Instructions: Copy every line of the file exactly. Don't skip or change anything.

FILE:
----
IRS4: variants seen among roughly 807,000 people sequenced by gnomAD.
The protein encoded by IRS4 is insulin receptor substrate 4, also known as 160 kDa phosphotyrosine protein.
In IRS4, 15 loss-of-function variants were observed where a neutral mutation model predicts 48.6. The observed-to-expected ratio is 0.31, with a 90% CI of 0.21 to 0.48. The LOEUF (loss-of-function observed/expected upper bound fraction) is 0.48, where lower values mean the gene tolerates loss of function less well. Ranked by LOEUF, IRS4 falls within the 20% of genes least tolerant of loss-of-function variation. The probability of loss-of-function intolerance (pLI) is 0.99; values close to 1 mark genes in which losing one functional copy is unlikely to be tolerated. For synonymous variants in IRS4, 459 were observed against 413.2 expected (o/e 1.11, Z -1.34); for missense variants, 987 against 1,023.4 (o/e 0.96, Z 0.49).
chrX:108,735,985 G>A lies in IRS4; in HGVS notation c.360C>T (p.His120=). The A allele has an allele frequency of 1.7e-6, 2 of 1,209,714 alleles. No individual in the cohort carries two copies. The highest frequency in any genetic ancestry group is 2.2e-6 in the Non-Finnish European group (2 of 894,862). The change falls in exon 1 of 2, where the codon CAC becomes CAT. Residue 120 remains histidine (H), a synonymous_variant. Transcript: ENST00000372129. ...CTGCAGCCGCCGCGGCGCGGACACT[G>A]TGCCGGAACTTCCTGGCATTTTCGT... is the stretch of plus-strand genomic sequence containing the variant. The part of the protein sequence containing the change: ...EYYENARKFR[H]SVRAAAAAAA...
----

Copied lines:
IRS4: variants seen among roughly 807,000 people sequenced by gnomAD.
The protein encoded by IRS4 is insulin receptor substrate 4, also known as 160 kDa phosphotyrosine protein.
In IRS4, 15 loss-of-function variants were observed where a neutral mutation model predicts 48.6. The observed-to-expected ratio is 0.31, with a 90% CI of 0.21 to 0.48. The LOEUF (loss-of-function observed/expected upper bound fraction) is 0.48, where lower values mean the gene tolerates loss of function less well. Ranked by LOEUF, IRS4 falls within the 20% of genes least tolerant of loss-of-function variation. The probability of loss-of-function intolerance (pLI) is 0.99; values close to 1 mark genes in which losing one functional copy is unlikely to be tolerated. For synonymous variants in IRS4, 459 were observed against 413.2 expected (o/e 1.11, Z -1.34); for missense variants, 987 against 1,023.4 (o/e 0.96, Z 0.49).
chrX:108,735,985 G>A lies in IRS4; in HGVS notation c.360C>T (p.His120=). The A allele has an allele frequency of 1.7e-6, 2 of 1,209,714 alleles. No individual in the cohort carries two copies. The highest frequency in any genetic ancestry group is 2.2e-6 in the Non-Finnish European group (2 of 894,862). The change falls in exon 1 of 2, where the codon CAC becomes CAT. Residue 120 remains histidine (H), a synonymous_variant. Transcript: ENST00000372129. ...CTGCAGCCGCCGCGGCGCGGACACT[G>A]TGCCGGAACTTCCTGGCATTTTCGT... is the stretch of plus-strand genomic sequence containing the variant. The part of the protein sequence containing the change: ...EYYENARKFR[H]SVRAAAAAAA...